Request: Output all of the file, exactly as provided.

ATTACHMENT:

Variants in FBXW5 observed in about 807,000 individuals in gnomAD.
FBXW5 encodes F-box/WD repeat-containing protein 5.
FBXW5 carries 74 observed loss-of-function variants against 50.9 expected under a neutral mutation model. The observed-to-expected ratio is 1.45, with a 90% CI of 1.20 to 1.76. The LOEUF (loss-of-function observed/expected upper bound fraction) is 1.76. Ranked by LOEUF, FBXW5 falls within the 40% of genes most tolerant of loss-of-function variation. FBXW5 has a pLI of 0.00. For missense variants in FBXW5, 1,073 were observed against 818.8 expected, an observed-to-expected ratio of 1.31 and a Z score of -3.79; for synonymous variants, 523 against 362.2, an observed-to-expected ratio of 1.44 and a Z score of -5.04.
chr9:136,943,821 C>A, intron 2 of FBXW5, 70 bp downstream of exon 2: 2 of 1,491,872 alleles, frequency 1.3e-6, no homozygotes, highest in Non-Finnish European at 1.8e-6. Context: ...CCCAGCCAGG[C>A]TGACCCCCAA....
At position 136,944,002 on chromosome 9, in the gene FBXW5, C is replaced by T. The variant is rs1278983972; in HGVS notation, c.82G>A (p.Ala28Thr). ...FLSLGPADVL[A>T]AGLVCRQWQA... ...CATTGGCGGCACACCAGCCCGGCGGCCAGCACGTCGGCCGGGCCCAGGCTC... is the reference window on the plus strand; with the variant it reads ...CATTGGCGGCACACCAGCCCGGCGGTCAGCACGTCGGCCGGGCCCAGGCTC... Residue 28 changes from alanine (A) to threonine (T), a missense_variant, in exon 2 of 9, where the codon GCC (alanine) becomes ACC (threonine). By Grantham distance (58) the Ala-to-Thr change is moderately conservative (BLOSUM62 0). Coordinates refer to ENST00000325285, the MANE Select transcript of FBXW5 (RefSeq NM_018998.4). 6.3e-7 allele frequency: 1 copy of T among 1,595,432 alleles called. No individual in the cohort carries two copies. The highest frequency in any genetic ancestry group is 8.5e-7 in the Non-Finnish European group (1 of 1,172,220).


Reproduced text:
Variants in FBXW5 observed in about 807,000 individuals in gnomAD.
FBXW5 encodes F-box/WD repeat-containing protein 5.
FBXW5 carries 74 observed loss-of-function variants against 50.9 expected under a neutral mutation model. The observed-to-expected ratio is 1.45, with a 90% CI of 1.20 to 1.76. The LOEUF (loss-of-function observed/expected upper bound fraction) is 1.76. Ranked by LOEUF, FBXW5 falls within the 40% of genes most tolerant of loss-of-function variation. FBXW5 has a pLI of 0.00. For missense variants in FBXW5, 1,073 were observed against 818.8 expected, an observed-to-expected ratio of 1.31 and a Z score of -3.79; for synonymous variants, 523 against 362.2, an observed-to-expected ratio of 1.44 and a Z score of -5.04.
chr9:136,943,821 C>A, intron 2 of FBXW5, 70 bp downstream of exon 2: 2 of 1,491,872 alleles, frequency 1.3e-6, no homozygotes, highest in Non-Finnish European at 1.8e-6. Context: ...CCCAGCCAGG[C>A]TGACCCCCAA....
At position 136,944,002 on chromosome 9, in the gene FBXW5, C is replaced by T. The variant is rs1278983972; in HGVS notation, c.82G>A (p.Ala28Thr). ...FLSLGPADVL[A>T]AGLVCRQWQA... ...CATTGGCGGCACACCAGCCCGGCGGCCAGCACGTCGGCCGGGCCCAGGCTC... is the reference window on the plus strand; with the variant it reads ...CATTGGCGGCACACCAGCCCGGCGGTCAGCACGTCGGCCGGGCCCAGGCTC... Residue 28 changes from alanine (A) to threonine (T), a missense_variant, in exon 2 of 9, where the codon GCC (alanine) becomes ACC (threonine). By Grantham distance (58) the Ala-to-Thr change is moderately conservative (BLOSUM62 0). Coordinates refer to ENST00000325285, the MANE Select transcript of FBXW5 (RefSeq NM_018998.4). 6.3e-7 allele frequency: 1 copy of T among 1,595,432 alleles called. No individual in the cohort carries two copies. The highest frequency in any genetic ancestry group is 8.5e-7 in the Non-Finnish European group (1 of 1,172,220).